Get Red Pepper's email newsletter. Enter your email address to receive our latest articles, updates and news.


A tale of three Michaels

He was a pimp, pusher and political activist, with a penchant for the outlandish and an ability to attract support from the rich and famous. Until his murder conviction and hanging in Trinidad in 1975, Michael X was one of the best-known figures of 1960s radicalism. Michael Horovitz reviews a new account of the life of this self-styled black Muslim revolutionary

May 22, 2009
9 min read

John Williams presents this picaresque but factual chronicle in three parts, headed ‘Michael De Freitas’, ‘Michael X’, and ‘Michael Abdul Malik’ – the three phases of its subject’s life. Michael was born in Port of Spain in 1933 to the black Barbadian Obeah (folk magic) practitioner Iona Brown, and sired by Emanuel De Freitas, a white Portuguese ship’s captain turned shopkeeper who was to remain wilfully distant. Michael’s relatively light skin colour was a plus socio-economically, and his mother had upward designs on Trinidad’s intricately colour-scaled pyramid. But her son, nicknamed ‘Red Mike’ on the streets, ran on the wildest darker sides he could access from early on. He was expelled from school at 14 for being ‘a thoroughgoing terror’, and had already decided he wanted to emulate his father and go to sea.

Three years and various jobs on transworld cargo ships later, he dug his heels into the spectacularly multiracial Tiger Bay docklands of Cardiff, where hustling drugs, gambling and sex were commonplace occupations for Afro-Caribbean immigrants. In 1957 Michael moved to grotty North Kensington. There he met and married a gorgeous young Guyanese woman, Desirée De Souza, who was to stay loyally supportive despite his continued pimping, infidelities, abandonments and even beatings of her, until his premature death. Michael’s Ladbroke Grove phase went on – punctuated by two terms of imprisonment – till, under threat of a third, he flew to Trinidad in February 1971, never to return.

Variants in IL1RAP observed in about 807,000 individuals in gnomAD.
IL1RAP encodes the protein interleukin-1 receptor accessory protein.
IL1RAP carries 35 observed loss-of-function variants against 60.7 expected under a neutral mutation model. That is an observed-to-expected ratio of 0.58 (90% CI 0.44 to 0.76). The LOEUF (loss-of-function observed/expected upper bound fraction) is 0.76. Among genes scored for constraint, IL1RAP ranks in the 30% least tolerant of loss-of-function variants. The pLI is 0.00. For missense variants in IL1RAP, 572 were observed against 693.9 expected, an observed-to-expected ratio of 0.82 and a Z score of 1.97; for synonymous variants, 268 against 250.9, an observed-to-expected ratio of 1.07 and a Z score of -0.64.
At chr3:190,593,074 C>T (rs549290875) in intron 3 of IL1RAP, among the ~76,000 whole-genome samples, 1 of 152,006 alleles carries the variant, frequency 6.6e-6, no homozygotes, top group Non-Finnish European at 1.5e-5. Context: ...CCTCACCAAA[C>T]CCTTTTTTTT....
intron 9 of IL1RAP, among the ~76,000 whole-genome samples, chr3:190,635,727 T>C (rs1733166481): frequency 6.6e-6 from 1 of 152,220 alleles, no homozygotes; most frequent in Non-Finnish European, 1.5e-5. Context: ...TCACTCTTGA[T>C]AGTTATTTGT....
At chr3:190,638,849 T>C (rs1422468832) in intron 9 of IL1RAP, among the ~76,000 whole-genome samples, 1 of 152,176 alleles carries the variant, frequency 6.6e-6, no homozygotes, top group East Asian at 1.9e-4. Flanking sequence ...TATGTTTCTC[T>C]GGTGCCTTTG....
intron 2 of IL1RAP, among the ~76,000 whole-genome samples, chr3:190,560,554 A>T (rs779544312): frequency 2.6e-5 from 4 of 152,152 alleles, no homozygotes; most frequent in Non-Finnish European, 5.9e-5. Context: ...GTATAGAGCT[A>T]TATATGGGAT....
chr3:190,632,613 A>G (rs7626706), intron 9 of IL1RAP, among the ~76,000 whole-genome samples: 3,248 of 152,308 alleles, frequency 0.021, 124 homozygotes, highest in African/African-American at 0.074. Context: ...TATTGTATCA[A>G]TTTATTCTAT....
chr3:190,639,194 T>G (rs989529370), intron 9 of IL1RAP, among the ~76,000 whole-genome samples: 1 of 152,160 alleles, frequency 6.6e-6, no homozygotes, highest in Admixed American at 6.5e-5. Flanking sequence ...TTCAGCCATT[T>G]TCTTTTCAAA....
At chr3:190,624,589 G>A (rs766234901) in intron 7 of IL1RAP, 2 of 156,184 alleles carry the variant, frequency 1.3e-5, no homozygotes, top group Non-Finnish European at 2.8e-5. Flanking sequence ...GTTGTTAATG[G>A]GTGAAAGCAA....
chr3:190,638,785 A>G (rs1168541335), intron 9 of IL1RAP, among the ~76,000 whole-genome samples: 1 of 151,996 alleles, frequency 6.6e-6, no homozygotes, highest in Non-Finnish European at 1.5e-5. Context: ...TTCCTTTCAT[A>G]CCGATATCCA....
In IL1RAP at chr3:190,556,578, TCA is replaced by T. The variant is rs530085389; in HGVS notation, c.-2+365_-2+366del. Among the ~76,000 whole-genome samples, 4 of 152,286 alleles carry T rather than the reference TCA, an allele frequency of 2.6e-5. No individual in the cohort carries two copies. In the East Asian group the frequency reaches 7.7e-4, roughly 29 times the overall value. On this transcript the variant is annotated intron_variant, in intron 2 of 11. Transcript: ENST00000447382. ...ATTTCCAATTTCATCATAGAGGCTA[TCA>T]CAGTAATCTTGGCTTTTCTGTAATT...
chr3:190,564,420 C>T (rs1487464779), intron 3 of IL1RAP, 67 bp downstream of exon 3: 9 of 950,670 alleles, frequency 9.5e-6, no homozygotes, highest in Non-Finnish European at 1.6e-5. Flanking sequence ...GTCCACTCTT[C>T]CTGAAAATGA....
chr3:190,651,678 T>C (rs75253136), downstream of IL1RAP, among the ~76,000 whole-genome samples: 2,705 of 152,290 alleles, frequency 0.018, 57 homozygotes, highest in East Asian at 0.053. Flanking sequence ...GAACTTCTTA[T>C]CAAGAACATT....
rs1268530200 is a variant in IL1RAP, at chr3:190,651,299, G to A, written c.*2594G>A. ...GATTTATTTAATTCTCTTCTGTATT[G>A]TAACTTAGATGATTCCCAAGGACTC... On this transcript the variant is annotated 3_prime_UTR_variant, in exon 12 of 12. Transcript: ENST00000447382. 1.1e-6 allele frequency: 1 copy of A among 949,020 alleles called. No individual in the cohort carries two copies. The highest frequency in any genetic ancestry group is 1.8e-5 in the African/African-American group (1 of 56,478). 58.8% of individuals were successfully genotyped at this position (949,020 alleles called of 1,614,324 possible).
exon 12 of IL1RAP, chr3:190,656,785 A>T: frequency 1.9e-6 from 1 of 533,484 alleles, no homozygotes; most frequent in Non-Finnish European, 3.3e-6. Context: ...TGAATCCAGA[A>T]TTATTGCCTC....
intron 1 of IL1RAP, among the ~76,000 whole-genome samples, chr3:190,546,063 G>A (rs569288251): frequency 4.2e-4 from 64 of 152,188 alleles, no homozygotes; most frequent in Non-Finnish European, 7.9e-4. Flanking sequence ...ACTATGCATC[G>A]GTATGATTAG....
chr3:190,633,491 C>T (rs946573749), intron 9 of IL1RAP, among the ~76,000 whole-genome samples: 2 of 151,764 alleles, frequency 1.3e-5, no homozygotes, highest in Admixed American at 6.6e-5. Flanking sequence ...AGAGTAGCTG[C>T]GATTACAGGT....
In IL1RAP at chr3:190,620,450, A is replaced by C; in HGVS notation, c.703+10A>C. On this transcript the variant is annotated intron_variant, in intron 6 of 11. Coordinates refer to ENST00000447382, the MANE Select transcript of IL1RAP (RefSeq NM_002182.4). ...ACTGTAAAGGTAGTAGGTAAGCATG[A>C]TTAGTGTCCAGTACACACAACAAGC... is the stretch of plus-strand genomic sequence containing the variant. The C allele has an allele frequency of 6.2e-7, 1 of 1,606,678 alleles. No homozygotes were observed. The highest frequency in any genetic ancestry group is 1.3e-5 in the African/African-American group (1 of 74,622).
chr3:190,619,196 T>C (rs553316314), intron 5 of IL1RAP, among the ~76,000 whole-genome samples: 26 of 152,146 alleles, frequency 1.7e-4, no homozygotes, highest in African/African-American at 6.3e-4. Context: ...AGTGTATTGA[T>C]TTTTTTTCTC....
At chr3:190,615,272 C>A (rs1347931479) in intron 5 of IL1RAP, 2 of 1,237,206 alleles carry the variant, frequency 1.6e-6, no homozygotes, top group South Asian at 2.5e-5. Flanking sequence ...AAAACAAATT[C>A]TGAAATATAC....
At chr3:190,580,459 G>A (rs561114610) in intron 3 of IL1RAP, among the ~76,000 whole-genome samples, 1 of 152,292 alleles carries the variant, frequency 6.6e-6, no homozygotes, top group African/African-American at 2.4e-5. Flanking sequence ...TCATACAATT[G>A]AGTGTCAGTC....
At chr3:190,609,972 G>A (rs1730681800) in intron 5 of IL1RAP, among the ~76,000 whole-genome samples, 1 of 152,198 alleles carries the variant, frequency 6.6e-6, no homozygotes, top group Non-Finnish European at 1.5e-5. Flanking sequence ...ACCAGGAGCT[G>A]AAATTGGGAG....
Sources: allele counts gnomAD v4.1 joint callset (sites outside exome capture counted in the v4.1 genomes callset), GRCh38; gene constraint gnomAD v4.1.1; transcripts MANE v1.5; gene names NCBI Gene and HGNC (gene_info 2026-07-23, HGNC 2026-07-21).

Accounts of the counter-culture in Britain, and the London underground in particular, have constantly appeared in the press and magazines, on radio, TV and film, and in a steady flow of books ranging from academic to lurid, and from oldies’ reminiscences to diversely pitched reconstructions by authors who, like Williams, were still at primary school, or even in nappies or unborn, in 1971. His exposition of those times (during which I too lived mainly around Notting Hill), as well as of Michael’s doings, is as judiciously revealing as any. It draws on choice passages from the loci classici, including Colin MacInnes’s London trilogy, Jeff Nuttall’s Bomb Culture, and De Freitas’s own co-authored memoir-manifesto published in 1968.

Sundry revaluations of tabloid-generated clichés emerge. For example, as Michael recalled it, the 1958 street fights in Notting Dale ‘were not real race riots. People are always fighting in the ghetto, with clubs being invaded and broken up.’ Most of the clubs were hangouts for white prostitutes run by blacks – of which police, Teddy boys et al were jealous. So gang wars for turf control cross-cut with what Williams calls ‘the British working classes’ traditional fondness for a ritualised punch-up’ were probably as influential as racism that summer.

Nevertheless, massive newsprint coverage had spread the word that colour clashes were the touch paper. On the day after a club had been petrol-bombed and a West Indian shot in the leg, Michael and some buddies were arrested for loitering nearby. He was the only one to get bail, persuading the police ‘I’m not black, I’m a Jew’ – and promptly organised bail for the others.

Soon after, at a Calypso Club meeting of disaffected blacks, Michael sprang up and challenged the platform speakers’ cautious calls for committees to ‘make representations to the police and our MPs … a lot of shit in my view. I had just landed in court through police action and here they was saying we should go to the police for redress. I said “What you need is a few pieces of iron so that when they come we can defend ourselves.” There was an uproar of supporting cries. I’d told them all just what they wanted to hear.’ And so the role of black community spokesman was added to Michael’s chameleonic repertoire.